Explosion Proof Actuator

ATEX actuators are designed to be used in hazardous environments. ATEX stands for “Atmospheric Explosion-Proof Equipment” and is an EU directive that regulates the manufacture of equipment used in potentially explosive atmospheres.

Our ATEX linear actuators are ideal for use in gas and dust applications. They are rated for Class I, Division 1, Groups B, C and D. They have a unique design that eliminates multiple potential leak points.
ATEX Approval

ATEX approval is the process of verifying that equipment or protective systems are suitable for use in potentially explosive atmospheres. The European Union’s ATEX Directives (2014/34/EU and 99/92/EC) define the minimum safety requirements for equipment and workplaces that operate in such environments.

Whether your equipment needs to be ATEX certified or you need help creating an ATEX Compliance Checklist, TUV SUD can assist. Our experts can support you in classifying your products according to the ATEX 2014/34/EU directive or other classification requirements such as those found in the IECEx certification scheme.

For example, IPU engine starting systems for FSVs, underground rail systems and marine applications are required to be ATEX approved. Similarly, IECEx approval is an international standard for electrical equipment used in hazardous areas. Both IECEx and ATEX certification require the use of recognised standards and evaluation by a Notified Body. But the main difference is that ATEX is only recognised within the EU while IECEx is globally accepted.
ATEX Certification

ATEX certification is mandatory for equipment and protective systems used in zones where flammable gases, vapors, or dusts may exist. The European Union created the ATEX directive in the aftermath of the 2010 oil spill that crippled Deepwater Horizon and sent millions of barrels of oil into the Gulf of Mexico.

While ATEX is driven by European regulations and laws, it uses internationally harmonised standards. The ATEX certification process differs from UL or IECEx, so be sure you understand which one your product needs.

Becoming ATEX certified requires meeting technical specifications and health and safety requirements. Once you pass a rigorous test, your products can bear the CE mark—a self-declaration that says your equipment meets ATEX requirements. This can be particularly important if you sell to customers in Europe. Having your company’s equipment ATEX certified can help you expand into new markets. The ATEX certification process also helps improve your company’s brand identity and customer trust.
ATEX Design

As an engineer, a basic understanding of ATEX standards is important. But it is not enough to just purchase an ATEX component and bolt it on. It is essential that ATEX is considered from the very beginning of the design process, so that any required intrinsic safety features can be built in.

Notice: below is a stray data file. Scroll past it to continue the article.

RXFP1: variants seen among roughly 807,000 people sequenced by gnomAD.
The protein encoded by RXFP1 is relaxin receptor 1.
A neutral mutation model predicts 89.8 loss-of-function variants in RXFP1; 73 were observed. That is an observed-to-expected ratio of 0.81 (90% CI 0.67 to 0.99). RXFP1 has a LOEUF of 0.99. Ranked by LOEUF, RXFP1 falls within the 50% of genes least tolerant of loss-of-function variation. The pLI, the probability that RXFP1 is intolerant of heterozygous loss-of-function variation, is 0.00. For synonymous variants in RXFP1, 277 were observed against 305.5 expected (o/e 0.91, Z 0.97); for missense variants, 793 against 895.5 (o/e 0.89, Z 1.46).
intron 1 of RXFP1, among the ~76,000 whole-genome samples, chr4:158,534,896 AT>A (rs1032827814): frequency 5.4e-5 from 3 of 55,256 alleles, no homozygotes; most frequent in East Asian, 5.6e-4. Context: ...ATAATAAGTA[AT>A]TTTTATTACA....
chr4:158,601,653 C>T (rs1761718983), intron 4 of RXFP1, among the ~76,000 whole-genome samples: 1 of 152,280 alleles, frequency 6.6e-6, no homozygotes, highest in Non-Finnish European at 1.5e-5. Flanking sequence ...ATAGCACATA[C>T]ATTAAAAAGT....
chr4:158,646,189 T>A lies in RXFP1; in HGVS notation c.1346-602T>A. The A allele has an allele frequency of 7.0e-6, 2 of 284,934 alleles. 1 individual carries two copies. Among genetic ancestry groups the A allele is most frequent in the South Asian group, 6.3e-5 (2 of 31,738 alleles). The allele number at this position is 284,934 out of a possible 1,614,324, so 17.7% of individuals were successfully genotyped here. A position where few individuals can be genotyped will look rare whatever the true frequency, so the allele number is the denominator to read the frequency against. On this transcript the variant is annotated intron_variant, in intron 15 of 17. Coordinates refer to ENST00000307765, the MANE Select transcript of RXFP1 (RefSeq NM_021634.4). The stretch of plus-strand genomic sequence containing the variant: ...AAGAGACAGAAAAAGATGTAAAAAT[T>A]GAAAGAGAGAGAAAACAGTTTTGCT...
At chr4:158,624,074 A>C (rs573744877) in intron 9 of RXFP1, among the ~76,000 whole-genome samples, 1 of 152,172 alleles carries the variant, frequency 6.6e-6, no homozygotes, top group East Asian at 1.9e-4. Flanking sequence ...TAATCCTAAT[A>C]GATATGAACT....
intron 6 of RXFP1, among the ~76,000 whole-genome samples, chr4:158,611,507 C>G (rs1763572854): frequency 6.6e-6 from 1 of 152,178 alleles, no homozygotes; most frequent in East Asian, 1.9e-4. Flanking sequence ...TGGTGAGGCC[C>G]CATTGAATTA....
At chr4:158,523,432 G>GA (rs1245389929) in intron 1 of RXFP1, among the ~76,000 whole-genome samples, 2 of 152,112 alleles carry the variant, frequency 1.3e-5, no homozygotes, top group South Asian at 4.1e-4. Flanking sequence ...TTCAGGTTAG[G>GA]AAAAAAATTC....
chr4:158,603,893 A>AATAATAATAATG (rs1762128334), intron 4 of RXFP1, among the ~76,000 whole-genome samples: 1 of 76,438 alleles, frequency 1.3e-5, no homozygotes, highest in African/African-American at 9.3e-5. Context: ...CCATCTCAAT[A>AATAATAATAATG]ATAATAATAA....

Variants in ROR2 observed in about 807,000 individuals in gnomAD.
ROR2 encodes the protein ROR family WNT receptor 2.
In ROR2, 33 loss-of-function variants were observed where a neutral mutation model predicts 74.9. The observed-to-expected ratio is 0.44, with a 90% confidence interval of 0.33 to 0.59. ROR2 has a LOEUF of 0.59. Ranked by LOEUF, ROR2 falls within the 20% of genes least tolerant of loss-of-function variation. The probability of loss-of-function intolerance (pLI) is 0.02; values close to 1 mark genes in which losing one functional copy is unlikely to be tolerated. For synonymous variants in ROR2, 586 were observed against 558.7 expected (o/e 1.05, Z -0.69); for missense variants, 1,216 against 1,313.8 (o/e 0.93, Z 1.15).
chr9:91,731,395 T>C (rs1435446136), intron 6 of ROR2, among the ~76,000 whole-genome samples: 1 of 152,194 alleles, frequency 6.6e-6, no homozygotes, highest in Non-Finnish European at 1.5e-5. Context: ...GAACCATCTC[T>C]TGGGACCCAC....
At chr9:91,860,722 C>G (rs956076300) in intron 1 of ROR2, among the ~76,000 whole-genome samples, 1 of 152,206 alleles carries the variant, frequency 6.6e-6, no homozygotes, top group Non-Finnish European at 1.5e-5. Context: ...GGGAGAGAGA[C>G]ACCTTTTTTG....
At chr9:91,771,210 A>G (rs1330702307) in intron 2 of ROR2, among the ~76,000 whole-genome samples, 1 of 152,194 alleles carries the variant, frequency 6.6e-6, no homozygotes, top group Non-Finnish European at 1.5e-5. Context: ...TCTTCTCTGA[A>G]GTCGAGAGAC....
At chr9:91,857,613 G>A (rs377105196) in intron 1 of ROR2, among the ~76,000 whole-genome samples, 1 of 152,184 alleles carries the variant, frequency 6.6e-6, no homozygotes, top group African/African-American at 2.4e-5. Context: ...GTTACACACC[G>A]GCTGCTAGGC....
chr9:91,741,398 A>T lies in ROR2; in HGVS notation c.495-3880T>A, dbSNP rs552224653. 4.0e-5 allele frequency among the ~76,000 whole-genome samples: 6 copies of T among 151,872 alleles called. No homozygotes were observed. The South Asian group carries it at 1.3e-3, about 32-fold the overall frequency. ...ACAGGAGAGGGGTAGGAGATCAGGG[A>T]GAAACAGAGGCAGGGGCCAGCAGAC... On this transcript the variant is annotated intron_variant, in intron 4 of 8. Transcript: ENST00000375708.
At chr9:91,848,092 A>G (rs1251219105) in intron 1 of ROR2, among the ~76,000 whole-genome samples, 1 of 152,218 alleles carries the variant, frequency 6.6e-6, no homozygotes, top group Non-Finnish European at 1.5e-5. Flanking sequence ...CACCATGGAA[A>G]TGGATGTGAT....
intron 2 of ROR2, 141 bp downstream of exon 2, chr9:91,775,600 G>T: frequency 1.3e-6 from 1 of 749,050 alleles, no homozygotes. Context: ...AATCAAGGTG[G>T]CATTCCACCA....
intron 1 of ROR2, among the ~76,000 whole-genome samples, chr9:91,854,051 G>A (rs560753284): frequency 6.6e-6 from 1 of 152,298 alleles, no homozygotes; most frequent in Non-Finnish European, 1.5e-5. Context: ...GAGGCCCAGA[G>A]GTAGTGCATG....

This is because the ATEX Directives (formerly known as the Product Directive 94/9/EC and the Explosive Atmospheres Directive) detail minimum requirements for equipment to be used in hazardous environments. These are often environments where the risk of a fire or explosion is higher than in normal operation and may include flammable gases, vapors or dust.

The ATEX Directives specify the constructional requirements for equipment used in potentially explosive atmospheres and detail the procedures and equipment to be used in these zones. They also require the classification of workplaces and a permit to work scheme. This process requires niche technical expertise and a significant time commitment.
ATEX Installation

When installing equipment in potentially explosive areas, it is important to consider safety factors. The ATEX directive (94/9/EC + 99/92/CE) covers a wide range of equipment including machinery, components and protective systems. This includes items that are not intrinsically safe, but require a level of protection to ensure safety in case of abnormal operation or unexpected operational disturbances.

ATEX Zone classifications are based on two fundamental criteria: the type of substance that can cause an explosive atmosphere (gas, steam, fog, or dust) and its frequency and duration. The ATEX equipment must be specifically designed for each of these zones, and it must carry the appropriate ATEX symbol to identify itself as safe in that environment.

Keeping track of all these regulations is critical to maintaining compliance. Using a low-code platform like DATAMYTE, you can quickly build an ATEX Compliance Checklist to ensure your business is meeting all industry standards. The system will automatically log and record risk assessments, area classifications, equipment certifications, installation activities, maintenance, training and more.Explosion Proof Actuator ATEX

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